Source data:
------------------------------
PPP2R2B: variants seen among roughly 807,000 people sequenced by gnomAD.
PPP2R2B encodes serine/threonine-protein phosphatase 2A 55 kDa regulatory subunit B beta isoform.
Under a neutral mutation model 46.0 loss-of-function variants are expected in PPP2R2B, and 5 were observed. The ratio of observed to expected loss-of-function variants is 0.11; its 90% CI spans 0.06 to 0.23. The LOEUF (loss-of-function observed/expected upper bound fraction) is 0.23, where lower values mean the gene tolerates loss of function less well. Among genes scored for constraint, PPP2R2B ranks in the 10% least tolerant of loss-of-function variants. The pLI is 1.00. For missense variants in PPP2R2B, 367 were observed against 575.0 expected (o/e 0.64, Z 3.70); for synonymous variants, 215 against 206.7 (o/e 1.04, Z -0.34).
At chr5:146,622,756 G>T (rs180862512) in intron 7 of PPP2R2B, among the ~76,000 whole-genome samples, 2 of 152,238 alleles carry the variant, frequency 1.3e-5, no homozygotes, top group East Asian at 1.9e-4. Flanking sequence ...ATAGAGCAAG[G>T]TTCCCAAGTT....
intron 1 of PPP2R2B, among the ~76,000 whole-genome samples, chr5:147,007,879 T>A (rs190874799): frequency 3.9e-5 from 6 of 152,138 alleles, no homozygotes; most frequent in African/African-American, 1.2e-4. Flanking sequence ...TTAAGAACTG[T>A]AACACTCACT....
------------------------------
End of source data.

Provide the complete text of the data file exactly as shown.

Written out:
PPP2R2B: variants seen among roughly 807,000 people sequenced by gnomAD.
PPP2R2B encodes serine/threonine-protein phosphatase 2A 55 kDa regulatory subunit B beta isoform.
Under a neutral mutation model 46.0 loss-of-function variants are expected in PPP2R2B, and 5 were observed. The ratio of observed to expected loss-of-function variants is 0.11; its 90% CI spans 0.06 to 0.23. The LOEUF (loss-of-function observed/expected upper bound fraction) is 0.23, where lower values mean the gene tolerates loss of function less well. Among genes scored for constraint, PPP2R2B ranks in the 10% least tolerant of loss-of-function variants. The pLI is 1.00. For missense variants in PPP2R2B, 367 were observed against 575.0 expected (o/e 0.64, Z 3.70); for synonymous variants, 215 against 206.7 (o/e 1.04, Z -0.34).
At chr5:146,622,756 G>T (rs180862512) in intron 7 of PPP2R2B, among the ~76,000 whole-genome samples, 2 of 152,238 alleles carry the variant, frequency 1.3e-5, no homozygotes, top group East Asian at 1.9e-4. Flanking sequence ...ATAGAGCAAG[G>T]TTCCCAAGTT....
intron 1 of PPP2R2B, among the ~76,000 whole-genome samples, chr5:147,007,879 T>A (rs190874799): frequency 3.9e-5 from 6 of 152,138 alleles, no homozygotes; most frequent in African/African-American, 1.2e-4. Flanking sequence ...TTAAGAACTG[T>A]AACACTCACT....